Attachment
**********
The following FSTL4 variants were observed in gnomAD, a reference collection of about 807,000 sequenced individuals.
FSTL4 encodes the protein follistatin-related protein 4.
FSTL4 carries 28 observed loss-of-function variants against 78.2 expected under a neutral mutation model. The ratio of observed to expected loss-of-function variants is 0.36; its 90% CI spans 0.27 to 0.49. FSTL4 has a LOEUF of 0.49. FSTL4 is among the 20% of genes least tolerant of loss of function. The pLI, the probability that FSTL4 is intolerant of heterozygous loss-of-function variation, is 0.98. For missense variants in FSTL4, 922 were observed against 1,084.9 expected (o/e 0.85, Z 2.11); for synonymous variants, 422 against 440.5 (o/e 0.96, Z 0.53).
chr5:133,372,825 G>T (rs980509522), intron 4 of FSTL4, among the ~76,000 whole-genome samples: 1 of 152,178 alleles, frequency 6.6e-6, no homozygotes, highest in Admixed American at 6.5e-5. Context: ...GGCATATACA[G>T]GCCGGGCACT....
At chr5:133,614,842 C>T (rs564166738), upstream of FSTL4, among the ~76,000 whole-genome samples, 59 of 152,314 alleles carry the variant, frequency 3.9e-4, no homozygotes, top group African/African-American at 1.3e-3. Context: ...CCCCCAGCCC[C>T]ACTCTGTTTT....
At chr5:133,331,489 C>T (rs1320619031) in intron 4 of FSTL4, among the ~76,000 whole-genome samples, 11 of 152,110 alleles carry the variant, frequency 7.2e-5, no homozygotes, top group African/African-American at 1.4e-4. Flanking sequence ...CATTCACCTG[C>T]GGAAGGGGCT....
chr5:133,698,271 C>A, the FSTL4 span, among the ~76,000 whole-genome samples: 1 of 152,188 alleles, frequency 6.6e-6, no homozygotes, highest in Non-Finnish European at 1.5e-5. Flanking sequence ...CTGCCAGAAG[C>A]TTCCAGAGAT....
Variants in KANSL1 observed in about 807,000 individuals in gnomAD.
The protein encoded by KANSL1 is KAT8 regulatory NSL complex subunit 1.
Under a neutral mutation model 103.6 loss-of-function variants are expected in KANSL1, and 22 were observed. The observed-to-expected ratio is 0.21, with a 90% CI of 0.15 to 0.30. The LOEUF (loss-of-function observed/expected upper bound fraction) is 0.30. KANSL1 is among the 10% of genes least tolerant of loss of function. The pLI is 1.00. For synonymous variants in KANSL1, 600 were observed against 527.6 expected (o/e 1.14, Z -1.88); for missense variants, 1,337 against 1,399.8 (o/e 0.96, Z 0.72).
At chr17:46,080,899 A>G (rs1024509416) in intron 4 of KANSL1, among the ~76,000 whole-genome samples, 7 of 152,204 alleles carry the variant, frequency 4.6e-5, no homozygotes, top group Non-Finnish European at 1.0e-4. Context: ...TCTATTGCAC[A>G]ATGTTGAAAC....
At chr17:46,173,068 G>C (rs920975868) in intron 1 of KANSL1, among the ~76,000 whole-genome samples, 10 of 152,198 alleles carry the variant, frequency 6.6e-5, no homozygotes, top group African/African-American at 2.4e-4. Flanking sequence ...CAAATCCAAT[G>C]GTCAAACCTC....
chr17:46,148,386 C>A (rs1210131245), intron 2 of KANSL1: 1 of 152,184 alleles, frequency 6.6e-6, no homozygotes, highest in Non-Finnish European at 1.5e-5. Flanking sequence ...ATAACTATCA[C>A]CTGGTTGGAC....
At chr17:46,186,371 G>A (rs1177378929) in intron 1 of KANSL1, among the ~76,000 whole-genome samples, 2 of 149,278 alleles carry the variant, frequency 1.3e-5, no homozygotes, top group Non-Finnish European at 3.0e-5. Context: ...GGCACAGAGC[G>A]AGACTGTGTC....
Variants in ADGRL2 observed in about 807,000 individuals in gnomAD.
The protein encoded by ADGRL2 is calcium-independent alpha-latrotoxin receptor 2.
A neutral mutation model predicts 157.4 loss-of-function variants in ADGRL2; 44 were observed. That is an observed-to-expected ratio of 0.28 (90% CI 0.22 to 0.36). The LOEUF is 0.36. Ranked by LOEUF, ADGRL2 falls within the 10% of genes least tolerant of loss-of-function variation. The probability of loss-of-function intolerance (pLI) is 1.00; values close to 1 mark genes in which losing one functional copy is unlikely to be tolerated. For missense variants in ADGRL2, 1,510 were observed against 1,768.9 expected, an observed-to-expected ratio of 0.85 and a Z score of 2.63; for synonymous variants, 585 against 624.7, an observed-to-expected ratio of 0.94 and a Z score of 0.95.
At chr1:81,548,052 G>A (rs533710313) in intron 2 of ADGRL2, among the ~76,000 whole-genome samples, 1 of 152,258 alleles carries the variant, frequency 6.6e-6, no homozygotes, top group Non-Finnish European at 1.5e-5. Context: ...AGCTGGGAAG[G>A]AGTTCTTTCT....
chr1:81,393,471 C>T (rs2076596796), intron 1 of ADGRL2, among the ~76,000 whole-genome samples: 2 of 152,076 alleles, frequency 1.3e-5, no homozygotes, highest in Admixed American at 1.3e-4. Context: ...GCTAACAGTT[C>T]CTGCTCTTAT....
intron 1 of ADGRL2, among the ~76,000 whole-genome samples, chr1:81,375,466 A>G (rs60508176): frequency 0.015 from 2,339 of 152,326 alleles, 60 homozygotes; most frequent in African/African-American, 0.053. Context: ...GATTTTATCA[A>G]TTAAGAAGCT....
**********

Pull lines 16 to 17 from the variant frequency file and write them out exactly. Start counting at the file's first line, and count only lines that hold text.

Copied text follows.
The protein encoded by ADGRL2 is calcium-independent alpha-latrotoxin receptor 2.
A neutral mutation model predicts 157.4 loss-of-function variants in ADGRL2; 44 were observed. That is an observed-to-expected ratio of 0.28 (90% CI 0.22 to 0.36). The LOEUF is 0.36. Ranked by LOEUF, ADGRL2 falls within the 10% of genes least tolerant of loss-of-function variation. The probability of loss-of-function intolerance (pLI) is 1.00; values close to 1 mark genes in which losing one functional copy is unlikely to be tolerated. For missense variants in ADGRL2, 1,510 were observed against 1,768.9 expected, an observed-to-expected ratio of 0.85 and a Z score of 2.63; for synonymous variants, 585 against 624.7, an observed-to-expected ratio of 0.94 and a Z score of 0.95.